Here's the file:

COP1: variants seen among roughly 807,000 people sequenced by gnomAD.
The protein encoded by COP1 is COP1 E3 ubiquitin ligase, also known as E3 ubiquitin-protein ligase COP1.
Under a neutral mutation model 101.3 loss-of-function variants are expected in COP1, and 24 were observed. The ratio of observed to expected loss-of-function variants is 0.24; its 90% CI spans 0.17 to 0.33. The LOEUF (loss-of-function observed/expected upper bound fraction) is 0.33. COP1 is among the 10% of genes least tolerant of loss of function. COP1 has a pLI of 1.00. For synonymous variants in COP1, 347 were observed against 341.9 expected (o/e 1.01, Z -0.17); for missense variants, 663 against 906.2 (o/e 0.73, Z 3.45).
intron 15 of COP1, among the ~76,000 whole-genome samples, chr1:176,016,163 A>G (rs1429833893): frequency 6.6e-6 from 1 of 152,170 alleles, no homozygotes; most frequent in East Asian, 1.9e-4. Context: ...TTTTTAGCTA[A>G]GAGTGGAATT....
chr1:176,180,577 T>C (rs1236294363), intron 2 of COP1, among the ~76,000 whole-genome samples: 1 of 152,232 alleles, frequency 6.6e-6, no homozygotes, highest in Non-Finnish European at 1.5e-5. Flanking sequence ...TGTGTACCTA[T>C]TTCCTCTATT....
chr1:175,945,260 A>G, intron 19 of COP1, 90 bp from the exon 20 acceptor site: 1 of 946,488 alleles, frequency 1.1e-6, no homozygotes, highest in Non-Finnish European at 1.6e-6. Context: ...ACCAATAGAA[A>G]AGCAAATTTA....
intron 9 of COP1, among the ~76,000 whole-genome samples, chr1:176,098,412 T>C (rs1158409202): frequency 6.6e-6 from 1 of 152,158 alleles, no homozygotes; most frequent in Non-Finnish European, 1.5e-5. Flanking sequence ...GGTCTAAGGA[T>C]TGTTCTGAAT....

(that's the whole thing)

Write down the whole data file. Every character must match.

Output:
COP1: variants seen among roughly 807,000 people sequenced by gnomAD.
The protein encoded by COP1 is COP1 E3 ubiquitin ligase, also known as E3 ubiquitin-protein ligase COP1.
Under a neutral mutation model 101.3 loss-of-function variants are expected in COP1, and 24 were observed. The ratio of observed to expected loss-of-function variants is 0.24; its 90% CI spans 0.17 to 0.33. The LOEUF (loss-of-function observed/expected upper bound fraction) is 0.33. COP1 is among the 10% of genes least tolerant of loss of function. COP1 has a pLI of 1.00. For synonymous variants in COP1, 347 were observed against 341.9 expected (o/e 1.01, Z -0.17); for missense variants, 663 against 906.2 (o/e 0.73, Z 3.45).
intron 15 of COP1, among the ~76,000 whole-genome samples, chr1:176,016,163 A>G (rs1429833893): frequency 6.6e-6 from 1 of 152,170 alleles, no homozygotes; most frequent in East Asian, 1.9e-4. Context: ...TTTTTAGCTA[A>G]GAGTGGAATT....
chr1:176,180,577 T>C (rs1236294363), intron 2 of COP1, among the ~76,000 whole-genome samples: 1 of 152,232 alleles, frequency 6.6e-6, no homozygotes, highest in Non-Finnish European at 1.5e-5. Flanking sequence ...TGTGTACCTA[T>C]TTCCTCTATT....
chr1:175,945,260 A>G, intron 19 of COP1, 90 bp from the exon 20 acceptor site: 1 of 946,488 alleles, frequency 1.1e-6, no homozygotes, highest in Non-Finnish European at 1.6e-6. Context: ...ACCAATAGAA[A>G]AGCAAATTTA....
intron 9 of COP1, among the ~76,000 whole-genome samples, chr1:176,098,412 T>C (rs1158409202): frequency 6.6e-6 from 1 of 152,158 alleles, no homozygotes; most frequent in Non-Finnish European, 1.5e-5. Flanking sequence ...GGTCTAAGGA[T>C]TGTTCTGAAT....